Mahmoud El-Yousseph, Westerville

Friday, December 07, 2007

M. Zhudi Jasser Speaks Out

In an interesting article in the Middle East Quarterly, M. Zhudi Jasser, a Muslim activist against radial Islamists, describes his contacts with teh Flying Imams. At the end of the article, Mr. Jasser echoes my own thinking on what needs to be done by Muslims and non-Muslims:
Countering Islamism and combating Islamist terrorism should be a greater public responsibility for the organized American Muslim community than the obsession with civil rights and victimization in which current Islamist organizations engage. Americans living in fear for their security are looking to moderate, traditional Muslims to lead this fight. The credibility of the Muslim community suffers because groups such as CAIR, ISNA, and the North American Imams Federation deny the interplay between Islamism and terrorism.

Non-Muslims also have a role. Both the U.S. government and mainstream media often give Islamists and their organizations exclusive voice to speak on behalf of American Muslims, which creates a cycle of apparent, if not real, empowerment. Seldom do they turn to non-Islamists and anti-Islamists who may represent far more American Muslims. The recent refusal of PBS to air the ABG Films, Inc. documentary Islam v. Islamists is a prime example of the manner in which media producers and executives shield Islamists from criticism.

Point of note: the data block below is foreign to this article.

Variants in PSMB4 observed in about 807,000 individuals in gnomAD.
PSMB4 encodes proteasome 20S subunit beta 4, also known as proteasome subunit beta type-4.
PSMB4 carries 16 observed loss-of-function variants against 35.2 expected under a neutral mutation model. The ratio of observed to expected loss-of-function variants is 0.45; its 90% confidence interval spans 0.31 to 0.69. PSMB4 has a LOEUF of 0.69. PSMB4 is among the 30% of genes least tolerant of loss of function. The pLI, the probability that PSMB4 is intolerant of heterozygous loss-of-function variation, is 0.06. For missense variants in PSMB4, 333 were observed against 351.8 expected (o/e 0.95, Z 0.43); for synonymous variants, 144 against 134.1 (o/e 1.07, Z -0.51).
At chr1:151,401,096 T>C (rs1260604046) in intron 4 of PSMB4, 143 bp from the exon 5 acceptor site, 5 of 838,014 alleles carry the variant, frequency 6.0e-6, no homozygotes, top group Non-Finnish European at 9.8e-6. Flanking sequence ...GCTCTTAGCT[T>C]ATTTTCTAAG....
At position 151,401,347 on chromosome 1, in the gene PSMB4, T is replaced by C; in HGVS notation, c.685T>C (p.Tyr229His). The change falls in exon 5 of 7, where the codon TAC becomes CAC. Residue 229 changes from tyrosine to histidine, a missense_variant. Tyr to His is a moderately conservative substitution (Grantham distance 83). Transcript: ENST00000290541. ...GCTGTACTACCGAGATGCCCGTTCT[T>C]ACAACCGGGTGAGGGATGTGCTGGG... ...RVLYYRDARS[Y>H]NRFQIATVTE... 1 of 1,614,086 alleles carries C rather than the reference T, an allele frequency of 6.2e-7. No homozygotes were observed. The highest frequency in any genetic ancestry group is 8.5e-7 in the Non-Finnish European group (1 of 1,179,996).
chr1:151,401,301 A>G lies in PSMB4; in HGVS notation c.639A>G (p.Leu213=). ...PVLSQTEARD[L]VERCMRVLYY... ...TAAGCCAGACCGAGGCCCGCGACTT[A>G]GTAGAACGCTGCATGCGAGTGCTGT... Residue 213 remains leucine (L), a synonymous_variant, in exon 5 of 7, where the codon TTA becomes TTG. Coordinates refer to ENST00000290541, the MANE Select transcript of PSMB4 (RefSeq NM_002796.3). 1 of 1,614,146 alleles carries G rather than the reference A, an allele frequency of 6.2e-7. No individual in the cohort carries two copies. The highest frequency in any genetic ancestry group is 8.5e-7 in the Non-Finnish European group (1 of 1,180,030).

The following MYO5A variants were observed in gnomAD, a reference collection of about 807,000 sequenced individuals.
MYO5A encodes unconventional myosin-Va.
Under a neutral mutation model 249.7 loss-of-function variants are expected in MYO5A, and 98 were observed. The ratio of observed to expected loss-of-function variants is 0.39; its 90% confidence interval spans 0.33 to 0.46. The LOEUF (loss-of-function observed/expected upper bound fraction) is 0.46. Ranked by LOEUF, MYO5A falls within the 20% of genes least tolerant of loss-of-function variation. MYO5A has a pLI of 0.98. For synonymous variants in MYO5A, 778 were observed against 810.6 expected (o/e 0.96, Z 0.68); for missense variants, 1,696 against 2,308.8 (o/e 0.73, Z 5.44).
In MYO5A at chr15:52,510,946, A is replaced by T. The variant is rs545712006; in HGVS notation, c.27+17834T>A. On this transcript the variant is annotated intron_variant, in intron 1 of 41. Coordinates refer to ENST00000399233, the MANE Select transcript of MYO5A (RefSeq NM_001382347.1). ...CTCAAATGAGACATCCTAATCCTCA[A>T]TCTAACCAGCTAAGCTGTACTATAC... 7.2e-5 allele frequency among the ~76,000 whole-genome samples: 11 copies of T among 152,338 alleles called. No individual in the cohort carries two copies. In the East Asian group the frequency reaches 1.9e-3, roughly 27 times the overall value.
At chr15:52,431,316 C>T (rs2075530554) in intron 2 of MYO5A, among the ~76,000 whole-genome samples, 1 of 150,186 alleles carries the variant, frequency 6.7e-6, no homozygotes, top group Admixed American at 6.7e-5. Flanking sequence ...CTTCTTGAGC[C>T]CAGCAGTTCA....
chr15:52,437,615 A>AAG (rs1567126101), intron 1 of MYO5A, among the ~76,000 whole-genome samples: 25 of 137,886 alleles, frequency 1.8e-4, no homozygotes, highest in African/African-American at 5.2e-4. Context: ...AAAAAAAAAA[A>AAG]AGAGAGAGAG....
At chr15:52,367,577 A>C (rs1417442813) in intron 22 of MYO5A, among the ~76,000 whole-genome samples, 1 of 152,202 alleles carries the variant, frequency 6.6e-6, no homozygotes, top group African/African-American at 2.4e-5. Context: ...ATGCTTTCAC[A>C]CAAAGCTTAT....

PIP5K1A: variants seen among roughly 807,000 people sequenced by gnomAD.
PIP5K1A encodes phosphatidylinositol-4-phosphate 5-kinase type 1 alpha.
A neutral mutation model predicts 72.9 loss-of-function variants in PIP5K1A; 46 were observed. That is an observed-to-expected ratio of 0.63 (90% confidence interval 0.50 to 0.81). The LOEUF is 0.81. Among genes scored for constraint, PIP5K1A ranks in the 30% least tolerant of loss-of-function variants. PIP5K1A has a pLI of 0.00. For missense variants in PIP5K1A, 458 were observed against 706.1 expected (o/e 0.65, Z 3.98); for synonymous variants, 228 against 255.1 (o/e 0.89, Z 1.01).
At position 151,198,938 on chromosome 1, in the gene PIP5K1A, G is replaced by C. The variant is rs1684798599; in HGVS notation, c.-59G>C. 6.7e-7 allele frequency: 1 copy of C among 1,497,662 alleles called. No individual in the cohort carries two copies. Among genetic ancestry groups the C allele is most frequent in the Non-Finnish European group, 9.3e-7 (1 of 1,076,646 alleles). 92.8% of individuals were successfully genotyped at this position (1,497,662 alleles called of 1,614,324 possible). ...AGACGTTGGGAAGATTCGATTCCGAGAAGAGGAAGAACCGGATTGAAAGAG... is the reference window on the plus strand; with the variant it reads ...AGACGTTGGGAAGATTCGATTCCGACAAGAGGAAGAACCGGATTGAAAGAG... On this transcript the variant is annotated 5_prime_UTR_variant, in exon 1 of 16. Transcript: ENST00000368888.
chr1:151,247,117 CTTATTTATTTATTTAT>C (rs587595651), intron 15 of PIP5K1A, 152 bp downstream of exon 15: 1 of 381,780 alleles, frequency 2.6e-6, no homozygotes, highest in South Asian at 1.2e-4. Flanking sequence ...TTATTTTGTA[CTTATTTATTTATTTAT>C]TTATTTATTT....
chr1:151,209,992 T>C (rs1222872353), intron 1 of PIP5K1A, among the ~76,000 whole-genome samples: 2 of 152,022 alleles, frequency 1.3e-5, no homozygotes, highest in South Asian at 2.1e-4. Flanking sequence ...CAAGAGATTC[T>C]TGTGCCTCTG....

Monday, December 03, 2007

Sharia Law Barbarism

On the Teddy bear named Mohammed and the lashed for the rape victim (for being in a car with a man not her husband), finally a New York Times editorial with which I can agree:
Muslims who wonder why non-Muslims are often baffled, angered, even frightened by some governments’ interpretation of Islamic law need only look to the cases of two women in Saudi Arabia and Sudan threatened with barbaric lashings.
What one Muslim leader, Ibrahim Mogra of the Muslim Council of Britain, said about the Sudan case can also be applied to the Saudis’: “How does this help the cause of Islam? What kind of message and image are we portraying about our religion and our culture?”
And what about the Sudanese protesters demanding her life? What does that say?

Even CAIR shudders at the Sudanese reaction to the teddy bear situation, albeit in a more muted fashion than I would.

Gender Silliness